To Hell with Weddings

Update 11/1/12:  Just wanted to note that I now disown the first half of this post—basically everything before it gets introspective.  I still don’t want an engagement ring or a name change or to procreate, but other people can do whatever they want and more power to them.

Tonight I found myself combing through Facebook, examining the pages of “friends” who are married and/or pregnant or parents.  (“Friends” is in scare quotes because Facebook has hijacked the term.)  I’ve been to a total of nine weddings/receptions in the past year and a half.  Of the six different roommates I had in college, four are now married and one is pregnant.  This is not what I had in mind for my social circle at 25.  When people first started getting engaged, it was surprising (to me) and kind of cute (I suppose).  Now I feel like if one more person tells me they’re getting married, I’m going to have to struggle not to punch something.  I have this strange and extreme resentment toward the whole production.  I abhor the whole proposal thing, where the man is supposed to get down on one knee and pull out a shiny ring and pop the question and the girl acts all surprised and gleeful.  If the idea of marriage is really such a surprise, that’s kind of a problem.  I find it antiquated and obnoxious.  I would never want an engagement ring (Why does the woman wear one and not the man?  To show that she is officially someone’s property?  Lovely.), and I would never want marriage proposed to me in such a manner.  If my significant other wants to discuss marriage, we can sit down and discuss it like civilized adults instead of acting out someone’s fairytale idea of a decision-making process.  And then, the wedding.  Oh dear lord spare me the horrors of bridal showers [read: shameless ploys for presents, or, sexist rituals designed to prepare the woman materially for her new role as cook and housekeeper so that she can care for her man (shudder)], bachelorette parties (limos, party buses, going to clubs and getting drunk?  Motion-Sick Girl says no thanks), spending an absurd amount of money on a dress to wear once… all of that.  And what REALLY gets me right now is the amount of women who still take their husband’s last name.  I thought we were out of the dark ages.  I hate, hate, HATE it when the introduce the couple as “Mr. and Mrs. David Smith” (for example).  The groom gets his whole name and all the bride gets is “Mrs.”  Your identity is now reduced to your relationship to your husband.  Congratulations.  For fuck’s sake, why do people still do this?  The whole marriage thing just reeks of the idea of ownership, of becoming someone’s property, of belonging to your man—and that’s what makes my skin crawl.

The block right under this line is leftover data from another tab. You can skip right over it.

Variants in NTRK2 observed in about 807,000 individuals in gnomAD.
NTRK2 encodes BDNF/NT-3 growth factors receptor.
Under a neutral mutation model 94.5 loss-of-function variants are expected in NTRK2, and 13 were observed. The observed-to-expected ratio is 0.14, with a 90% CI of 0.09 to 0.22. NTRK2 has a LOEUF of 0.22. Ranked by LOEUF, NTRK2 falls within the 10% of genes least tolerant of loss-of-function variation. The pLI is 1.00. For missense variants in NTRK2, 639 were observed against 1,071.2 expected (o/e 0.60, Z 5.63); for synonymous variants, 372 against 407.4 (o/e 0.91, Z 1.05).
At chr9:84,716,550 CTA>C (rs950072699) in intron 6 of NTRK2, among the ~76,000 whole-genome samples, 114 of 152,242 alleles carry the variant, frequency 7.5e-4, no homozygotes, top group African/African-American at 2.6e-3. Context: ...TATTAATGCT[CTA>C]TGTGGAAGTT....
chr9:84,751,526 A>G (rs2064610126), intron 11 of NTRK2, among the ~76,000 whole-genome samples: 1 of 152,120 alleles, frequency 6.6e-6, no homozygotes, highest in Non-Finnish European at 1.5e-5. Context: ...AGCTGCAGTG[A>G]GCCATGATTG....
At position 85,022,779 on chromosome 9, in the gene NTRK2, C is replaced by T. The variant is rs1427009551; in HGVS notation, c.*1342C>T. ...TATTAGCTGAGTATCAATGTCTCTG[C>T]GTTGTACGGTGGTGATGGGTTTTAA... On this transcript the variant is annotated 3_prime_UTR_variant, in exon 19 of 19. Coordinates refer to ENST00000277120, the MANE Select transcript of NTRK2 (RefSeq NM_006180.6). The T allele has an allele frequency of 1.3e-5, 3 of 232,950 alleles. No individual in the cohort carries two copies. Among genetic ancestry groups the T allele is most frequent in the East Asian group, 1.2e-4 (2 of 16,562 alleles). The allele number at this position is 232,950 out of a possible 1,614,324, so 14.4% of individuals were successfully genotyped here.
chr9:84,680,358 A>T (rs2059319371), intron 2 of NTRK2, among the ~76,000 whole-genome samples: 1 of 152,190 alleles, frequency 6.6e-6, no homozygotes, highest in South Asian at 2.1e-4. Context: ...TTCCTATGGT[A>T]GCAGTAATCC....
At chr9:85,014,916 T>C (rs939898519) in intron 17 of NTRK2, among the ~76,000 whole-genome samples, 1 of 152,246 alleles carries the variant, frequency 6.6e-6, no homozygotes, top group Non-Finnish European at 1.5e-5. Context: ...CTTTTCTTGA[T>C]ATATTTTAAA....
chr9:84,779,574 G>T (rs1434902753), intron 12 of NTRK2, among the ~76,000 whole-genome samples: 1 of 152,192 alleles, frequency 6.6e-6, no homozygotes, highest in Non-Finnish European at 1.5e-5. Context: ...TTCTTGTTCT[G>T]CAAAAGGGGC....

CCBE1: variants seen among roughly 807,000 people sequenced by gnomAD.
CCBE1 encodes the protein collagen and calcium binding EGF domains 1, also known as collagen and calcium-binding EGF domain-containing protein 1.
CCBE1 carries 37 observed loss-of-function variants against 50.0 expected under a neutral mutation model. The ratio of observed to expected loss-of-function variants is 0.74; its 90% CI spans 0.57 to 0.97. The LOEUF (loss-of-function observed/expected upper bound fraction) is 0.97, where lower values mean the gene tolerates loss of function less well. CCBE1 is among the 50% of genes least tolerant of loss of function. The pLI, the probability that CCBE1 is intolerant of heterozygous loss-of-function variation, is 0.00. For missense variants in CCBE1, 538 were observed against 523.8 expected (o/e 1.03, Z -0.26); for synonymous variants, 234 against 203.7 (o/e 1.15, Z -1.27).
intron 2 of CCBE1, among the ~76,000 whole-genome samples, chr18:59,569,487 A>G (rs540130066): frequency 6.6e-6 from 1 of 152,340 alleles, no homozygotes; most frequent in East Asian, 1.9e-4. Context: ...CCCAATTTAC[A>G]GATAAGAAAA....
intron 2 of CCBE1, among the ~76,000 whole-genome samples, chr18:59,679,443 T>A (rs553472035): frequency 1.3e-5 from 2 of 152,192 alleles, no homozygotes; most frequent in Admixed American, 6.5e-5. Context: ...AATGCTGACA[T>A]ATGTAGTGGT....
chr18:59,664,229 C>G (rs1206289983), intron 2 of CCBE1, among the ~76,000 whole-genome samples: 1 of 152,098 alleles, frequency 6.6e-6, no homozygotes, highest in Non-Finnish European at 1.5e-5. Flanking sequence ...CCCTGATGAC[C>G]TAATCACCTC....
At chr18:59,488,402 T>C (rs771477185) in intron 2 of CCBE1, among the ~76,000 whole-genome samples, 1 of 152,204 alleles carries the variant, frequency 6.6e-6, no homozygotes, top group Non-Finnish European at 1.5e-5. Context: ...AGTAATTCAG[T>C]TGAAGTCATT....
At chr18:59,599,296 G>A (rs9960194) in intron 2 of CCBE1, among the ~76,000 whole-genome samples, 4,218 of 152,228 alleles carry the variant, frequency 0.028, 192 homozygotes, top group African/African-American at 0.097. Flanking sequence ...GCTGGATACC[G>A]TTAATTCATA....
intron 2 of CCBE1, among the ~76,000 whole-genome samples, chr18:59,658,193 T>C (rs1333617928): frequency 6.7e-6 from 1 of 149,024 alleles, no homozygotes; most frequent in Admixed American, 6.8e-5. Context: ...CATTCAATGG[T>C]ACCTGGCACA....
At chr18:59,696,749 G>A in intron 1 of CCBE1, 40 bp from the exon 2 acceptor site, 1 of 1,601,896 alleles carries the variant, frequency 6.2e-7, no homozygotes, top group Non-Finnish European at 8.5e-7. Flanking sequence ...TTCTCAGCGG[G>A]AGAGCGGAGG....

And then, babies.  Babies on Facebook.  From the first “OMG I’m pregnant!” to the ultrasound pictures to the photos of the “baby bump” at various stages of gestation to the final birth, EVERYTHING is documented on Facebook, and the comments fill up with people crooning about how WONDERFUL it all is and how GREAT a mommy you are and how BEAUTIFUL you look (even when you really don’t).  Okay, first of all, ultrasound = uterus = internal organ.  I’m not your doctor and I don’t want to see it.  Want me to put up pictures of the x-rays from breaking my arm?  How ’bout my spleen?  Wanna see my spleen?  And then tell me how cute it is?  I didn’t think so.  Keep your insides inside, please.  Also, baby bumps give me the willies.  You have something growing.  Inside you.  You might think it’s a beautiful miracle, but some tend to see it as a little creepy.  What’s creepier to me is the pride that some husbands seem to take in their wives’ baby bumps.  To me it has this sense of “Look what I put inside you!”  Creep city.  And of course once the baby’s born we have to hear about every detail of the baby’s room and every single thing the baby does, and we are treated to an absolute barrage of pictures of the baby on Facebook.  Sometimes I almost want to delete my Facebook account due to the inundation of baby.